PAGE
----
When people compare Me and Earl and the Dying Girl, by Jesse Andrews, to John Green’s The Fault in Our Stars, I’m not quite sure I agree or see why they are compared. Both are memorable stories that involve cancer, but that is where the similarities stop. Me and Earl and the Dying Girl is so funny that if people saw you reading this book in public and laughing, they’d think something is wrong with you after seeing the title. But the truth is, there are jokes in it that are hysterical, and you can’t stop yourself from laughing out loud.
Me and Earl and the Dying Girl is about a high school senior named Greg whose mom is always getting involved in his (inactive) social life. Greg tries to belong to every clique in his school, but none of them at the same time. He really doesn’t have any friends except for Earl, with whom he pretty much just makes really bad, amateur movies. He also, believe it or not, likes his life like this. He thinks it’s organized. Greg’s mom finds out that Rachel, Greg’s technically ex-girlfriend, has leukemia, so she forces Greg to hang out with her to make her feel better. This is exceptionally awkward for the two, because they haven’t been around each other in years, unless you count classes at school, which no one does. Me and Earl and the Dying Girl will surprise many readers who choose to pick it up, and it will make them realize that some people really can make a difference in people’s lives without even realizing it.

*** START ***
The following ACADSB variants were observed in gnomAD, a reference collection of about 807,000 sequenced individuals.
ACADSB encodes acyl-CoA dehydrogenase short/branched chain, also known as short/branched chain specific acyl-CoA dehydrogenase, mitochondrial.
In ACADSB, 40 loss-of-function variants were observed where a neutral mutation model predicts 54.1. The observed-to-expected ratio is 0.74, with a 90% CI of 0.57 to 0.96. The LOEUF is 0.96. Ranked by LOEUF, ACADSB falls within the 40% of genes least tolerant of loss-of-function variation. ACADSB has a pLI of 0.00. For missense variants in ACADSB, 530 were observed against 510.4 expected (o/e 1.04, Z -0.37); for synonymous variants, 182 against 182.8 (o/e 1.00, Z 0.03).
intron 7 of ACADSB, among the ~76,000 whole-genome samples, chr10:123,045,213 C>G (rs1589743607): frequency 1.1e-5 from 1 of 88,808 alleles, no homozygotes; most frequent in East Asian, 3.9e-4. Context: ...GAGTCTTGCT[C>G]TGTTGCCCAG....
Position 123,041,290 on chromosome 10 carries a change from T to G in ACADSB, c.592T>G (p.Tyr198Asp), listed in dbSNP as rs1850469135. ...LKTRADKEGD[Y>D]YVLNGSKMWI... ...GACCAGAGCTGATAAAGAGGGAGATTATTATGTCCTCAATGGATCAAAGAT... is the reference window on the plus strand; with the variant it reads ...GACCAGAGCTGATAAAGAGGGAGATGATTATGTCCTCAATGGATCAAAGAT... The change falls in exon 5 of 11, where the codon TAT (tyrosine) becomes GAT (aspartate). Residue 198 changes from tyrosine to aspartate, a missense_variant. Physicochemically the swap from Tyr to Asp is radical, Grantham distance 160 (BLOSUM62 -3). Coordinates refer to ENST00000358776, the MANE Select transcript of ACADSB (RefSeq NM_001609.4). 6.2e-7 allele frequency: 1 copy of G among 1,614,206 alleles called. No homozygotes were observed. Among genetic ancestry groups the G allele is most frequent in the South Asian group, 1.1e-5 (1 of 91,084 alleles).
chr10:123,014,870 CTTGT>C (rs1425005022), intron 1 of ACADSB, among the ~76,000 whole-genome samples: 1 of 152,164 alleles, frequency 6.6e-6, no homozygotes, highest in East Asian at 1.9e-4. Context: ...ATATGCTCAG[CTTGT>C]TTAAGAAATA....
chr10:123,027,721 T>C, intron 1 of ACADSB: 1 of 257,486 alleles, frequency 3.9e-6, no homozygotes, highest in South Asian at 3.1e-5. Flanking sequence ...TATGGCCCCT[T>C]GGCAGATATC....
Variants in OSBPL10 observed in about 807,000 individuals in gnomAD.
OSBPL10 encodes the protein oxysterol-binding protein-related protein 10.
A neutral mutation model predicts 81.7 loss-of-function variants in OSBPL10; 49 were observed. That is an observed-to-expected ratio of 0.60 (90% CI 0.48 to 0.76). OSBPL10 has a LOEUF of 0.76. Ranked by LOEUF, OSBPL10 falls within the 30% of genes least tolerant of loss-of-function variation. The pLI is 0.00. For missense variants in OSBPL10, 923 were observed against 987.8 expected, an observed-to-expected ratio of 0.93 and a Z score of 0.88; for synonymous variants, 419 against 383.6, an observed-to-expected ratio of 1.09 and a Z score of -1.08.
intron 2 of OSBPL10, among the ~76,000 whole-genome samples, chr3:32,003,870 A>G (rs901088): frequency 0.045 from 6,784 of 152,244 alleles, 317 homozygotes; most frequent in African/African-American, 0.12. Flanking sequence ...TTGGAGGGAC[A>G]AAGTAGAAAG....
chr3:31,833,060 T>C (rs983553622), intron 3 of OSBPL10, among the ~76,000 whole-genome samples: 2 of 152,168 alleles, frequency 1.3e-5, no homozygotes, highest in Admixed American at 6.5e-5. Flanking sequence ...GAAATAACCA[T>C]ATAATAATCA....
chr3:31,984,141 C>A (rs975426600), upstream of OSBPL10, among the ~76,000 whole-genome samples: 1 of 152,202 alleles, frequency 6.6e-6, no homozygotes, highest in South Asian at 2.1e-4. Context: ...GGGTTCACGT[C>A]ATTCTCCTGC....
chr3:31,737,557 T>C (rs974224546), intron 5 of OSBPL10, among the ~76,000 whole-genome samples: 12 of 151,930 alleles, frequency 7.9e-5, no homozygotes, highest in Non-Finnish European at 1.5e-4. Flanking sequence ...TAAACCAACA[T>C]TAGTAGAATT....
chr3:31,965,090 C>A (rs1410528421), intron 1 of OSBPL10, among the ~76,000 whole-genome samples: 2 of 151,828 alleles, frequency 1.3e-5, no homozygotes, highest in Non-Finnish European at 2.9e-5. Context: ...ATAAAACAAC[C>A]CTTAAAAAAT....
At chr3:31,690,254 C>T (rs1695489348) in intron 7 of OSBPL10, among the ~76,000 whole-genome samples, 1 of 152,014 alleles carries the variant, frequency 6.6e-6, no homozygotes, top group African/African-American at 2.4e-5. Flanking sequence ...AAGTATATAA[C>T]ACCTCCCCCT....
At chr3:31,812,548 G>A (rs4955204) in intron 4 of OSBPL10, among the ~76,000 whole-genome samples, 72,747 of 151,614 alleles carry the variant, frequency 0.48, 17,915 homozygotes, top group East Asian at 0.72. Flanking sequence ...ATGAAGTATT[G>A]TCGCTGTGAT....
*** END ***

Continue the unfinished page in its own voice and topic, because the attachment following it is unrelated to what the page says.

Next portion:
I thought the characters, (Greg and Earl) were actually somewhat immature, but honestly, it was realistic because that’s what high school is like. I found their personalities lacking better judgement, but altogether, they were vital to the story’s hilarity. Sometimes I literally rolled my eyes at some of the stupid things the two would say, but still found myself laughing at it. It’s such a realistic story, and it could honestly happen to anyone. Me and Earl and the Dying Girl is a pretty quick read; it’s 295 pages, but they go by fast. The only thing I hated about this book was the ending; it was unpredictable in a bad way, and somewhat uneventful. I thought the author could have done better with the way he wrote the rest of the book.
I think this book is definitely at a high school reading level: Some things in it are a little mature for 8th grade and younger. I think it deserves a 4/5, but it really was a hysterical book.
Editor's note: And of course, there's the movie, which was recently released.... Would anyone like to review that?